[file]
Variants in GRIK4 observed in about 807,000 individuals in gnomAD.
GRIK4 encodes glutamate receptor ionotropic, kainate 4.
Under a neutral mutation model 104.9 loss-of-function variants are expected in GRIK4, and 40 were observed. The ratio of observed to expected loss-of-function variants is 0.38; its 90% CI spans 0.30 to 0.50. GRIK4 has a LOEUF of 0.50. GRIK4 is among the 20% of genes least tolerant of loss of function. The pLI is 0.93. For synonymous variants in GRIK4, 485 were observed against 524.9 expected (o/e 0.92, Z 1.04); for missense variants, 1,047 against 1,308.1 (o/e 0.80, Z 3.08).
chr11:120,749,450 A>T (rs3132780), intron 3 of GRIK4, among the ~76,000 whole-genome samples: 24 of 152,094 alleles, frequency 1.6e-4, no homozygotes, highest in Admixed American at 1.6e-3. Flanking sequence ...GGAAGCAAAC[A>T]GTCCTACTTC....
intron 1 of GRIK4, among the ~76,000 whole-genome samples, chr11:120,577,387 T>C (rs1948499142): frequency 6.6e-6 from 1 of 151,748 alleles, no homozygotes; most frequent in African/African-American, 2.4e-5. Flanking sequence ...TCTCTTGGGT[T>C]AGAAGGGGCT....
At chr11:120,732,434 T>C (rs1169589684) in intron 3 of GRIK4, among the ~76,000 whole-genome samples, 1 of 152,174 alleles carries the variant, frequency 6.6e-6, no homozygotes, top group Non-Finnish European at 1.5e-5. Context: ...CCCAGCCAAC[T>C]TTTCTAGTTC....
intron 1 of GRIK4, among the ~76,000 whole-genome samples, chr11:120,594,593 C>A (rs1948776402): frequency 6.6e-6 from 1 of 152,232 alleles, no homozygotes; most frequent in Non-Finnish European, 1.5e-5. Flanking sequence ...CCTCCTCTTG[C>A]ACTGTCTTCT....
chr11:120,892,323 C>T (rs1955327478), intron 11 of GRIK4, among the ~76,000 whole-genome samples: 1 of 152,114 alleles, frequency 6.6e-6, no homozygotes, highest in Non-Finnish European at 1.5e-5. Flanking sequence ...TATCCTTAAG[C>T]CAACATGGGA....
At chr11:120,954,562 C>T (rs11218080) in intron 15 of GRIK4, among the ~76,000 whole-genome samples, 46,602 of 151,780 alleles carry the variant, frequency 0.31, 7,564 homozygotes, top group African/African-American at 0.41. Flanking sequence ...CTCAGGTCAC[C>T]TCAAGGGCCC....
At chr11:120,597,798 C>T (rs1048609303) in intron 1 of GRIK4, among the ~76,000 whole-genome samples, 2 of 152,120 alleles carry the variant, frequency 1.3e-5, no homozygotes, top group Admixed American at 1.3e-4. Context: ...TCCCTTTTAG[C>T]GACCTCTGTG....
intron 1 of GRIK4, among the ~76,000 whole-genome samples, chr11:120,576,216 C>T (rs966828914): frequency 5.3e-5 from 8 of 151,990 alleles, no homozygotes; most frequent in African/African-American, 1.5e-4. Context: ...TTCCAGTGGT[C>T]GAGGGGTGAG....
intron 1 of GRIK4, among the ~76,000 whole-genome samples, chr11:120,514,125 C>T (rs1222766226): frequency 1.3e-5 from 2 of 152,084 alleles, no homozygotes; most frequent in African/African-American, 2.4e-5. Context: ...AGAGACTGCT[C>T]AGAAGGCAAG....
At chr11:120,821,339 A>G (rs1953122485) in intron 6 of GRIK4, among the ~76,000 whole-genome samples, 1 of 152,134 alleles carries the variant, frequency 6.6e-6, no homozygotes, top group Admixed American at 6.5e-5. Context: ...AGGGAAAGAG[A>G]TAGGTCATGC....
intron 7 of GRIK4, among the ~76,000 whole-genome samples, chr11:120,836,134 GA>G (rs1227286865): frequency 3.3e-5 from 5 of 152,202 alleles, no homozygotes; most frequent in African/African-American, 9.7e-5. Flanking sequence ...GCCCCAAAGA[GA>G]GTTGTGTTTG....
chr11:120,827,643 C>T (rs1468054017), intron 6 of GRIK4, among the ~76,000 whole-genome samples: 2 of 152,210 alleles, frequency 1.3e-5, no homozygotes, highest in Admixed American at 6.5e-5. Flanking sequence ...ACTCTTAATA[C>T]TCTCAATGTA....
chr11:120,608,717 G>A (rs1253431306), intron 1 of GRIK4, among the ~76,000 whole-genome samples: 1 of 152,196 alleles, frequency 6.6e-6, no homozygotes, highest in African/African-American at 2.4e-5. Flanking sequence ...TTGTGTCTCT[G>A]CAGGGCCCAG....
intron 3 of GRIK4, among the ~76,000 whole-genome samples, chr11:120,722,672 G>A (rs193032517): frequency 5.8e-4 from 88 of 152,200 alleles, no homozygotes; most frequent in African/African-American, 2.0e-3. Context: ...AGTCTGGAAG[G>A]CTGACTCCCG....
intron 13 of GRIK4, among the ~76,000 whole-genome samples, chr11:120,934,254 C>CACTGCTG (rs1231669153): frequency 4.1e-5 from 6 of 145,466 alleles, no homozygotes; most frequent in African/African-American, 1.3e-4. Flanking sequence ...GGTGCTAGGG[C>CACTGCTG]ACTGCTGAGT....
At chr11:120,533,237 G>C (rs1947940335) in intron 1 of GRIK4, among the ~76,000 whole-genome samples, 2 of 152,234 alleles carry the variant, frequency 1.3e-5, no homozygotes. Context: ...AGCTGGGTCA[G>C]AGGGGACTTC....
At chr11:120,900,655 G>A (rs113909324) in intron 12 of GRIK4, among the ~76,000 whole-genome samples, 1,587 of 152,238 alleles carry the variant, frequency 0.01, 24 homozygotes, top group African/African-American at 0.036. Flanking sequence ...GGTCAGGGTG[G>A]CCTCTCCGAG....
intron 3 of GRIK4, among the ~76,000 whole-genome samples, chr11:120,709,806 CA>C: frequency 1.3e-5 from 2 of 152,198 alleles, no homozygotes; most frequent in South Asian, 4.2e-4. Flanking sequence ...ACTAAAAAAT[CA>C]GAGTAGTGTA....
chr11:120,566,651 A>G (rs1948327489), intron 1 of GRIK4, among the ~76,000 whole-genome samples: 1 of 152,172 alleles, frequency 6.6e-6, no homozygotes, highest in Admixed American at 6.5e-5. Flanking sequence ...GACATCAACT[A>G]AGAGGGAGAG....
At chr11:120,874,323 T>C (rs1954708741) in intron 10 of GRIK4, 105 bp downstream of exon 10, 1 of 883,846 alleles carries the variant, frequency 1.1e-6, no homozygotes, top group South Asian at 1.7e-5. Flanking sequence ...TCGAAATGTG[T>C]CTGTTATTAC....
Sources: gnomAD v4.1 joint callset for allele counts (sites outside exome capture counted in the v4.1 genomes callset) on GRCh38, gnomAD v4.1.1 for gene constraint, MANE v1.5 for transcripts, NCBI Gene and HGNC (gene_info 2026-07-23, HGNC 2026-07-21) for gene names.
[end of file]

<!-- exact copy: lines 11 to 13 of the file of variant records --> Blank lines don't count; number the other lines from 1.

intron 1 of GRIK4, among the ~76,000 whole-genome samples, chr11:120,576,216 C>T (rs966828914): frequency 5.3e-5 from 8 of 151,990 alleles, no homozygotes; most frequent in African/African-American, 1.5e-4. Context: ...TTCCAGTGGT[C>T]GAGGGGTGAG....
intron 1 of GRIK4, among the ~76,000 whole-genome samples, chr11:120,514,125 C>T (rs1222766226): frequency 1.3e-5 from 2 of 152,084 alleles, no homozygotes; most frequent in African/African-American, 2.4e-5. Context: ...AGAGACTGCT[C>T]AGAAGGCAAG....
At chr11:120,821,339 A>G (rs1953122485) in intron 6 of GRIK4, among the ~76,000 whole-genome samples, 1 of 152,134 alleles carries the variant, frequency 6.6e-6, no homozygotes, top group Admixed American at 6.5e-5. Context: ...AGGGAAAGAG[A>G]TAGGTCATGC....